Just in case the risk of cancer isn't reason enough to stop smoking, how about the fact that it's absolutely terrible for your skin? Cigarette smoke contains a veritable potpourri of chemicals that reduce blood flow to the entire body (bad, bad, bad), they use up the Vitamin C that produces skin-plumping collagen (yipes!), and they cause the liver to go into overdrive to purge the pollutants from your system which produces an ultra-attractive yellow pallor. And if you're puffing away you're probably squinting to keep the smoke from your eyes, and squinting is a wrinkle's best friend. So listen, if you don't want to end up looking like one of those dried apple dolls that they sell along the Pennsylvania Turnpike, JUST QUIT.
A little tipple now and then- perhaps an unpretentious, antioxidant-rich glass of cabernet sauvignon?- is fine and dandy. But drinking too much alcohol, especially the hard stuff, causes major dehydration, and that's a wrinkle no-no. Ease up on the hooch and your skin, as well as your liver, will thank you.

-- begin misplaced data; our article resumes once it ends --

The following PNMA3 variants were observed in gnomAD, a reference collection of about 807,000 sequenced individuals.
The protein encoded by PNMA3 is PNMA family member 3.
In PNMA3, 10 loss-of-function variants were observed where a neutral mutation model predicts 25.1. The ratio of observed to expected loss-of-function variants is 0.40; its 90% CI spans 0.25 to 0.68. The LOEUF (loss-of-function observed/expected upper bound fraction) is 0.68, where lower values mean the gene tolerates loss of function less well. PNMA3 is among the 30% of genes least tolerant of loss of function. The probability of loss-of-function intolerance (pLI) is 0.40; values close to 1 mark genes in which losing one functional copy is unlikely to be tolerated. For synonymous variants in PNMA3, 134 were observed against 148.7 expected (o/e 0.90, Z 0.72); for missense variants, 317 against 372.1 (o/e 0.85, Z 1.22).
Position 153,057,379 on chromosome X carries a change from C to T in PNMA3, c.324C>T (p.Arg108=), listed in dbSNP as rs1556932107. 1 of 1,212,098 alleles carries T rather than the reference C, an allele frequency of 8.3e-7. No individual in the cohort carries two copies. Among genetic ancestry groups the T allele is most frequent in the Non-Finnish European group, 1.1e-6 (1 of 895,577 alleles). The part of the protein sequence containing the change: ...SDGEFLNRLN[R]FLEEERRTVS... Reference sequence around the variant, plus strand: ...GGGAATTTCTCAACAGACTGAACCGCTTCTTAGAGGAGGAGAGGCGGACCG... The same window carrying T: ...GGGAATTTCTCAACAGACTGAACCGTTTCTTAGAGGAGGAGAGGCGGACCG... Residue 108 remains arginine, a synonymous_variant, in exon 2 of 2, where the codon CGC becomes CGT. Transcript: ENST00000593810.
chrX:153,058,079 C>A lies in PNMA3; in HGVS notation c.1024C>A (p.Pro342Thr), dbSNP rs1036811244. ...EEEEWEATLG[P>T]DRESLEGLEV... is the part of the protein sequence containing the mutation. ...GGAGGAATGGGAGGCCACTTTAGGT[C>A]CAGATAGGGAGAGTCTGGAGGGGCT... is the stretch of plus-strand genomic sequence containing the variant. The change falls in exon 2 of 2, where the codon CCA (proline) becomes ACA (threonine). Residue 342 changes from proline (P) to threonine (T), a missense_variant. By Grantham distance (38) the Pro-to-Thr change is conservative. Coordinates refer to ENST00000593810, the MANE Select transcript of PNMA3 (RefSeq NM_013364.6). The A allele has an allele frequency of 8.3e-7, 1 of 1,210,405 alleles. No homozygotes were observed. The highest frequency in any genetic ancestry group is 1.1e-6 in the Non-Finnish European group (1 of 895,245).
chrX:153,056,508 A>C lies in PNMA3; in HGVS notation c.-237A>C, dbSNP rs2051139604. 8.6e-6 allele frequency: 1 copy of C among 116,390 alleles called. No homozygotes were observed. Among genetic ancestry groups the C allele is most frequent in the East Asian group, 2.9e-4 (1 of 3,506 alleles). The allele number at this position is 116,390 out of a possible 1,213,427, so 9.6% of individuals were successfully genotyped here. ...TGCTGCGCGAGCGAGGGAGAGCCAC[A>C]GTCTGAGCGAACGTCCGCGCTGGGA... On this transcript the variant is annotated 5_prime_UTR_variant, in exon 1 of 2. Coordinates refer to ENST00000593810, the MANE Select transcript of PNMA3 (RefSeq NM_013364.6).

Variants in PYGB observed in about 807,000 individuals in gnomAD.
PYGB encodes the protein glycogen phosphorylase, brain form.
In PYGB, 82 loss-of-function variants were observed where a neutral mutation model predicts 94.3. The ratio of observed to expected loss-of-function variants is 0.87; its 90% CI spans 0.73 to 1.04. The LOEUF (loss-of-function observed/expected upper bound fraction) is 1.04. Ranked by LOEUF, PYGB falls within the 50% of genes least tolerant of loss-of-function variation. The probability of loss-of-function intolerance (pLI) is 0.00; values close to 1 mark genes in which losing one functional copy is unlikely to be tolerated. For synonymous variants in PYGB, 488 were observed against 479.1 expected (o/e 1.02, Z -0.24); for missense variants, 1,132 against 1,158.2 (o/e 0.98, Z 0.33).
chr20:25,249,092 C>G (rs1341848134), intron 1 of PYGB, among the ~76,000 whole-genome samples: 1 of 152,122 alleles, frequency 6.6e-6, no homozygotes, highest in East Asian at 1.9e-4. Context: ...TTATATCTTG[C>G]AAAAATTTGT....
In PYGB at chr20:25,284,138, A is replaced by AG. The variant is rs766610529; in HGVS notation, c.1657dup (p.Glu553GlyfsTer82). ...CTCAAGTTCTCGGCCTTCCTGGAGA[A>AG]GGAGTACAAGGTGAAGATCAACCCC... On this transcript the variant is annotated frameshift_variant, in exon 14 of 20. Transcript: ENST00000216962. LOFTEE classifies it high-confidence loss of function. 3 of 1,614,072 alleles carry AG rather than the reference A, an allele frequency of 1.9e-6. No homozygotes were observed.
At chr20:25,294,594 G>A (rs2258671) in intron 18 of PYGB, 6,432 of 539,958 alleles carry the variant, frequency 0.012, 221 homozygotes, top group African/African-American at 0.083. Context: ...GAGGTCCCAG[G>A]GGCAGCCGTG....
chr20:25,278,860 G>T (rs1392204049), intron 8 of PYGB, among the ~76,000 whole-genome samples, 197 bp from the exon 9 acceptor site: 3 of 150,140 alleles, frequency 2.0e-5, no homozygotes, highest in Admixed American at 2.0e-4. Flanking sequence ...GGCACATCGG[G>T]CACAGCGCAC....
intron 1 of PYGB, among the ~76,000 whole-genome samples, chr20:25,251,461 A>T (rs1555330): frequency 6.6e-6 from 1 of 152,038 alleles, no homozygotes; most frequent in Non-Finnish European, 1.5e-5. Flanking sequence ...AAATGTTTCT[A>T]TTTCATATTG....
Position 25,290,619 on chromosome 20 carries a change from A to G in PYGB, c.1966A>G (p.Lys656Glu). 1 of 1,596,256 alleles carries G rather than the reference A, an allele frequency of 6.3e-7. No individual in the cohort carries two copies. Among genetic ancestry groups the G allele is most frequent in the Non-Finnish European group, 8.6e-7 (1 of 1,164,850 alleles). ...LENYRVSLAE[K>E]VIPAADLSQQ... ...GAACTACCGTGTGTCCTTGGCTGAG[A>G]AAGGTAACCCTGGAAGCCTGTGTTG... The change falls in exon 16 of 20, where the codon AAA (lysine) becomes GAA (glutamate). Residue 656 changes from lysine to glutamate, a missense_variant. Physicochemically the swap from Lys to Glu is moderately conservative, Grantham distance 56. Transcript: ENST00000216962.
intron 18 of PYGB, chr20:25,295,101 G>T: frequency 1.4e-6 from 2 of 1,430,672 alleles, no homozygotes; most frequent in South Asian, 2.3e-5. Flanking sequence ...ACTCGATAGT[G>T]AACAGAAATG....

We all know that maintaining a healthy weight is important, especially when it comes to the far-too-prevalent side effects of obesity- adult onset diabetes and heart disease being the most dangerous. But when it comes to weight loss or gain, moving slowly toward your ultimate goal is best for your body and for your skin. Yo-yo dieting and rapid fluctuation in weight cause sagging skin that nothing, short of plastic surgery, is going to tighten up again. Forewarned is forearmed.
Eating a wonderfully leafy, whole-grain, iron-rich, fruit and fiber-laced diet would preempt the need to take vitamin supplements, but many of us, (I'm looking sheepish even as I type), aren't quite as nutritionally watchful as we could be. Taking a multiple vitamin every day can make up for a bit of nutritional backsliding, but your skin is particularly fond of Vitamins C, A, and E. To insure that you're getting enough of this trio check out these lists of foods rich in each: Vitamin C, Vitamin A, and Vitamin E. That said, be sure to consult your physician before taking any supplements or upping your intake through diet. Some vitamins can reduce the effectiveness or harmfully interact with medications.